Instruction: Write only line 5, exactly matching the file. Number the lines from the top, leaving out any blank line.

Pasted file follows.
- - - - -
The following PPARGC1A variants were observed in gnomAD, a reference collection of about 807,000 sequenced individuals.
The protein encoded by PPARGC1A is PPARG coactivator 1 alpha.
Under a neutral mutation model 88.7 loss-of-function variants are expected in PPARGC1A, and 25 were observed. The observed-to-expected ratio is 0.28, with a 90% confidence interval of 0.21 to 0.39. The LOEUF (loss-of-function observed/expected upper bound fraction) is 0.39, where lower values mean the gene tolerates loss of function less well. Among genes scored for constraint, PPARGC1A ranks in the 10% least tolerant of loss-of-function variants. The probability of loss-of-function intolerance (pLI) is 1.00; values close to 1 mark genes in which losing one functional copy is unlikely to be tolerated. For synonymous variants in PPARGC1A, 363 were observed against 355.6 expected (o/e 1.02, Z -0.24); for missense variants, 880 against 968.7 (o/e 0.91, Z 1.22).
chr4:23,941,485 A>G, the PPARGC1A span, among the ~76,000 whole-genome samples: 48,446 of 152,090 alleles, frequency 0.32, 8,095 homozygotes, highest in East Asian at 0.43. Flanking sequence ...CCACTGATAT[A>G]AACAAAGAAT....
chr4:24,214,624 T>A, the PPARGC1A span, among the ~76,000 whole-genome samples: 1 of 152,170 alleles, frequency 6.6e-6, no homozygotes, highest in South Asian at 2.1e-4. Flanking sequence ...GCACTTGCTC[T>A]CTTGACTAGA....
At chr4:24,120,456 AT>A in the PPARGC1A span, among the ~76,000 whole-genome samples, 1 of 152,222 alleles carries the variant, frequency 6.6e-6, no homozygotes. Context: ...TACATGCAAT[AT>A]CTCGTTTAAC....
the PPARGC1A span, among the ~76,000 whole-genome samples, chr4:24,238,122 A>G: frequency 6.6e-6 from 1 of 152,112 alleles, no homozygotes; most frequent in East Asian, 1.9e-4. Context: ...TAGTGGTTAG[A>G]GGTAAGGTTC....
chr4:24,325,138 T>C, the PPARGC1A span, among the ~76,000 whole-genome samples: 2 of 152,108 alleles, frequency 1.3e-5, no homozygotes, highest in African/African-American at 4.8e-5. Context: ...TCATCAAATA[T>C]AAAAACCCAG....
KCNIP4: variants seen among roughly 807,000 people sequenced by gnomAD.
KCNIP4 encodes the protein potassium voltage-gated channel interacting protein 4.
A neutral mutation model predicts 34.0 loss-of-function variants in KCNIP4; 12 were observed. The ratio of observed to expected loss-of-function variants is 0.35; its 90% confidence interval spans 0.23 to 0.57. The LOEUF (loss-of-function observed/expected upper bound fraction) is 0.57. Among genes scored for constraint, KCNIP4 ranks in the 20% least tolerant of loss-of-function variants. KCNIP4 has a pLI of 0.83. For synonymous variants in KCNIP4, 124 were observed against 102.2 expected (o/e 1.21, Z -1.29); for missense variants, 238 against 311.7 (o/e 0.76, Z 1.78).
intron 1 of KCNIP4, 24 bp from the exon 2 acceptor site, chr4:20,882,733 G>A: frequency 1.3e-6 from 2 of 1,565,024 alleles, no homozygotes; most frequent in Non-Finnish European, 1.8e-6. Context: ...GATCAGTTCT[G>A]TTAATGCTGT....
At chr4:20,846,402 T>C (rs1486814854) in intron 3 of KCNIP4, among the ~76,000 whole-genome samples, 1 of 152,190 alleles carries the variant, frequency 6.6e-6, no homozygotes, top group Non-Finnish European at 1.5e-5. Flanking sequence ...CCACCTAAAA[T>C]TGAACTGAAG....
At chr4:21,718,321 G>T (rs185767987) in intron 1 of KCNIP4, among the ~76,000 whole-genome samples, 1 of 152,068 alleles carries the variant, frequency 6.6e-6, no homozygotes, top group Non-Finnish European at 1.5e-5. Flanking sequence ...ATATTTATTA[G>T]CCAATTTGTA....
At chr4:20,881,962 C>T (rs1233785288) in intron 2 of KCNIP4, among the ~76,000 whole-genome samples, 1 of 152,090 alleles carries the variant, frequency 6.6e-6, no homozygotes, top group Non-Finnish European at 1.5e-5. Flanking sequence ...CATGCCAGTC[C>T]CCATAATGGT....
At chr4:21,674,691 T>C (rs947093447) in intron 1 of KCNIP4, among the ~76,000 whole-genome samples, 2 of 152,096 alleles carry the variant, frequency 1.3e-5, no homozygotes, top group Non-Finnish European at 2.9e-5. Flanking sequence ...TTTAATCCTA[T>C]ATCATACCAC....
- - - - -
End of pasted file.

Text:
chr4:24,214,624 T>A, the PPARGC1A span, among the ~76,000 whole-genome samples: 1 of 152,170 alleles, frequency 6.6e-6, no homozygotes, highest in South Asian at 2.1e-4. Flanking sequence ...GCACTTGCTC[T>A]CTTGACTAGA....